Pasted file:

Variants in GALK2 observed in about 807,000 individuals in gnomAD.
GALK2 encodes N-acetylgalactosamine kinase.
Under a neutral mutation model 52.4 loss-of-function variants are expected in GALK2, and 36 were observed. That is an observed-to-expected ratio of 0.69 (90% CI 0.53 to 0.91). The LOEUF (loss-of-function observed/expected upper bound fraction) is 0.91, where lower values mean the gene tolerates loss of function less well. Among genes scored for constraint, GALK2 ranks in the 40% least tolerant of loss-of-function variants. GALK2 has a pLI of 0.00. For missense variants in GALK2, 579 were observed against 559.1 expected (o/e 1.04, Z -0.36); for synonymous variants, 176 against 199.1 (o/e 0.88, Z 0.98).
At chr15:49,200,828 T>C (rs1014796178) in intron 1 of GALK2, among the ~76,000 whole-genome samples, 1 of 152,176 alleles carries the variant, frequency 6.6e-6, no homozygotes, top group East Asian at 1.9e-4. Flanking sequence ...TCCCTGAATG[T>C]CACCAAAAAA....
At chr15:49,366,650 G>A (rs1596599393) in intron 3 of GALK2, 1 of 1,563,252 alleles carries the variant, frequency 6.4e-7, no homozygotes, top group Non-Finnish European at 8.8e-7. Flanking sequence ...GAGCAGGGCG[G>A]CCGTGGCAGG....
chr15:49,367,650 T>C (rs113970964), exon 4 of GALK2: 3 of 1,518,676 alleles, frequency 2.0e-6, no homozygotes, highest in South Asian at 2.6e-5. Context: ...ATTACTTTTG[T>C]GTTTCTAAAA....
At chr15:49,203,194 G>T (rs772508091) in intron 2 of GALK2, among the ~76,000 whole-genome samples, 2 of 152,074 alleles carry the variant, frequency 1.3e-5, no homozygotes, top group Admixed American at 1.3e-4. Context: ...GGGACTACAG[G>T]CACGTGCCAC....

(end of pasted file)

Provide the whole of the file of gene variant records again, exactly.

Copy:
Variants in GALK2 observed in about 807,000 individuals in gnomAD.
GALK2 encodes N-acetylgalactosamine kinase.
Under a neutral mutation model 52.4 loss-of-function variants are expected in GALK2, and 36 were observed. That is an observed-to-expected ratio of 0.69 (90% CI 0.53 to 0.91). The LOEUF (loss-of-function observed/expected upper bound fraction) is 0.91, where lower values mean the gene tolerates loss of function less well. Among genes scored for constraint, GALK2 ranks in the 40% least tolerant of loss-of-function variants. GALK2 has a pLI of 0.00. For missense variants in GALK2, 579 were observed against 559.1 expected (o/e 1.04, Z -0.36); for synonymous variants, 176 against 199.1 (o/e 0.88, Z 0.98).
At chr15:49,200,828 T>C (rs1014796178) in intron 1 of GALK2, among the ~76,000 whole-genome samples, 1 of 152,176 alleles carries the variant, frequency 6.6e-6, no homozygotes, top group East Asian at 1.9e-4. Flanking sequence ...TCCCTGAATG[T>C]CACCAAAAAA....
At chr15:49,366,650 G>A (rs1596599393) in intron 3 of GALK2, 1 of 1,563,252 alleles carries the variant, frequency 6.4e-7, no homozygotes, top group Non-Finnish European at 8.8e-7. Flanking sequence ...GAGCAGGGCG[G>A]CCGTGGCAGG....
chr15:49,367,650 T>C (rs113970964), exon 4 of GALK2: 3 of 1,518,676 alleles, frequency 2.0e-6, no homozygotes, highest in South Asian at 2.6e-5. Context: ...ATTACTTTTG[T>C]GTTTCTAAAA....
At chr15:49,203,194 G>T (rs772508091) in intron 2 of GALK2, among the ~76,000 whole-genome samples, 2 of 152,074 alleles carry the variant, frequency 1.3e-5, no homozygotes, top group Admixed American at 1.3e-4. Context: ...GGGACTACAG[G>T]CACGTGCCAC....